solstice, binding

You’ve picked quite a time to come visit. The weather ripples unseasonably warm, overzealous June heat usually reserved for dog days of August and July. Dog days: a phenomenon concerning stars and ancient Rome more than panting caninesthe transit of Sirius, brightest star after the sun. This fickle summer arrives in solstice and swelter but has already been felt over and over, already sweat out through every pore.

***

[a small breath prayer, composed in motion]

Inhale: You are a great mystery, God.

Exhale: I do not need all of the answers.

***

Each day, I glide among constellations of my own making, webs linking others through mere perception; gaze and assumption operate like twin heartbeats. On the street, I construe, construct, and elude: passerby seen as best friends, father and son, a couple. How many times am I wrong? Naming for convenience, weaving fables in the absence of piercing truth. I do not want to build my life on such inaccuracies, these minute adjustments and formulas. But what else is there? In what other way can we know the world?

***

“I am content because before me looms the hope of love. / I do not yet have it; I do not yet have it. / It is a bird strong enough to lead me by the rope it bites; / unless I pull, it is strong enough for me. / I do worry the end of my days might come / and I will not yet have it. But even then I will be brave / upon my deathbed, and why shouldn’t I be? / I held things here, and I felt them. / And to all I felt I will whisper hosanna for goodbye. / It is sweet to think of myself, alone at that very moment, / able to say such a thing / to all that was my life, / to all that was not.”

Katie Ford, “Psalm 40”

***

On the bridge’s arc, past flickering golden hour and pavement’s radiating heat, I felt peace with tender step come knocking. I said, Come in at last. I said, I am so very tired of fighting.

***

“I lay out under / A separate sun. Both of us are fine / With this. We picked our place / Under the lid of god and we shut / Our eyes to it every night. That’s what it means / To have loved goodlyto meet / Fate in a lavender hall and walk / Right past it, the white train quivering, / Nostalgia in your wake” Camonghne Felix, “Why I Loved Him”

***

I am gazing at the meadow where little cousins sought fireflies, my fingertips raspberry-stained. I am half-sun and half-shadow, twisting away from insects—the ants that infiltrate the kitchen but shun cinnamon, doggedly swarming up the wall. I am reading words I have read before, knowing they will mean something else now. I am turning the page.

How lush the world is, / how full of things that don’t belong to me—”

***

“it might be years / before you turn and stop, startled / by the sweet and sudden smell of sheets snapping / in the sun, and the drunken lilac, prairie purple, / blooming, by the doorway, because you planted it” Marie Howe, “Keeping Still”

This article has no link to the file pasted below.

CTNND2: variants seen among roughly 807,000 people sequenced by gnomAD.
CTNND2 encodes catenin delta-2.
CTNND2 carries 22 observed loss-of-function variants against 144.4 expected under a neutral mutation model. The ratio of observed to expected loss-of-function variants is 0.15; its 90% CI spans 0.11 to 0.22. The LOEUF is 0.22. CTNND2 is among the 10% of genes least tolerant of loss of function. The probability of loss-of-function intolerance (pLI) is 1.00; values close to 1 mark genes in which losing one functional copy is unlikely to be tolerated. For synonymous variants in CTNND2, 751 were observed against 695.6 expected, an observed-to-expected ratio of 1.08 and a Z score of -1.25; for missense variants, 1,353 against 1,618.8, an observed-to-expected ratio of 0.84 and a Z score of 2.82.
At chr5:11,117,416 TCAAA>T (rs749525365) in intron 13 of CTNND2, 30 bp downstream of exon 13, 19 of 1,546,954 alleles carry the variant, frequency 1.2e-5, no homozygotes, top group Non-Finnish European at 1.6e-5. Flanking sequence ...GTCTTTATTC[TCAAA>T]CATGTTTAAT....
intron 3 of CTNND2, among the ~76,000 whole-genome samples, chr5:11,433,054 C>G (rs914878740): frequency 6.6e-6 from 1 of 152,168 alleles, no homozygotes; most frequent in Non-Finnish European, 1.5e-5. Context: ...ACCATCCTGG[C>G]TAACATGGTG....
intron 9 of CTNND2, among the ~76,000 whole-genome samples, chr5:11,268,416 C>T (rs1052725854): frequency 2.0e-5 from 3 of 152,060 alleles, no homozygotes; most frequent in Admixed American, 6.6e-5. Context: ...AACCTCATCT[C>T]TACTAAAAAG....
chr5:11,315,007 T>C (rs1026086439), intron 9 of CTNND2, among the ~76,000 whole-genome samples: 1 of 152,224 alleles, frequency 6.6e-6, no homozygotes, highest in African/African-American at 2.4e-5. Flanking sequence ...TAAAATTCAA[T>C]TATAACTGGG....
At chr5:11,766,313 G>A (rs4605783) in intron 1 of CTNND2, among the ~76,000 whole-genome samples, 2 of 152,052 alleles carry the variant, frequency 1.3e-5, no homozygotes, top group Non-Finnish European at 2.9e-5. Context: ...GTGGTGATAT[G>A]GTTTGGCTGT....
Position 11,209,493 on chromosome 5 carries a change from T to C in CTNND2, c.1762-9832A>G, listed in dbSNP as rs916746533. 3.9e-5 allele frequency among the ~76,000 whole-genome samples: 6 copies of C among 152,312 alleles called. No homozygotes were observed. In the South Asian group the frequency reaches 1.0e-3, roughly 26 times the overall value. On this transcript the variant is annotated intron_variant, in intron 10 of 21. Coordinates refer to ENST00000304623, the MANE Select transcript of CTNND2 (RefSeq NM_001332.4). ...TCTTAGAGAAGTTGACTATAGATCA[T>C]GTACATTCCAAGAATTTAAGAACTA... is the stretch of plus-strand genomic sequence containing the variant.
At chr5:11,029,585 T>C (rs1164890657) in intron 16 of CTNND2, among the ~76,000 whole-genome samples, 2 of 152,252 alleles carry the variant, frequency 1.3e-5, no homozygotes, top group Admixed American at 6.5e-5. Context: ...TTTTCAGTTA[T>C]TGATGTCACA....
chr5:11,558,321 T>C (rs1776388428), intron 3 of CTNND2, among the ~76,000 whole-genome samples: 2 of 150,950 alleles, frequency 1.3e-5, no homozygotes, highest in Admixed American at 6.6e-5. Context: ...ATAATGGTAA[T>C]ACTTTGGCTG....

***

Ammi: known as false Queen Anne’s lace or bishop’s weed, a member of the carrot family, a cold-tolerant wildflower, that which constitutes the field; when its unassuming sap meets human skin in sunlight, it can scar and blister for months…

***

“even / a small purple artichoke / boiled / in its own bittered / and darkening / waters / grows tender, / grows tender and sweet / patience, I think, / my species / keep testing the spiny leaves / the spiny heart” —Jane Hirshfield, “My Species”

***

One day of sun, and the world is pure again—it has aspirations. My tote bag crunches rhythmically, the spoils of a picnic grocery run shuffling for space. I am here and here and here. I am far from where I envisioned; I am exactly where I started; I am where I am meant to be.

I am a shadow, moving. My presence here evokes an absence elsewhere, and I see my silhouette bob along the leaves and friends of weeds, across from the cemetery walls too high to climb.

***

“But this morning, a kind day has descended, from nowhere, / and making coffee in the usual way, measuring grounds / with the wooden spoon, I remembered, / this is how things happen, cup by cup, familiar gesture / after gesture, what else can we know of safety / or of fruitfulness?” —Marie Howe, “From Nowhere”

***

On the pier, we nibbled snacks like unanticipated communion—a punnet of blueberries and a delicious orange olive oil doughnut, drawn and quartered. One of our napkins blew into the lake, scarcely a lake but a sea, though I soon leaned over to fetch it as we laughed and a watching man on the shore gave us an enthusiastic thumbs up. I have a theory that perhaps the world awakens at sunset; regardless, we were thinking more than ever of color then. You said I am the grey-blue of my eyes, notes assuring calm and clarity. You are harder to place, the effervescent orange and fuchsia of hibiscus and California poppies. Life is but moments: moments destined to end, moments destined to be lived a hundred times over.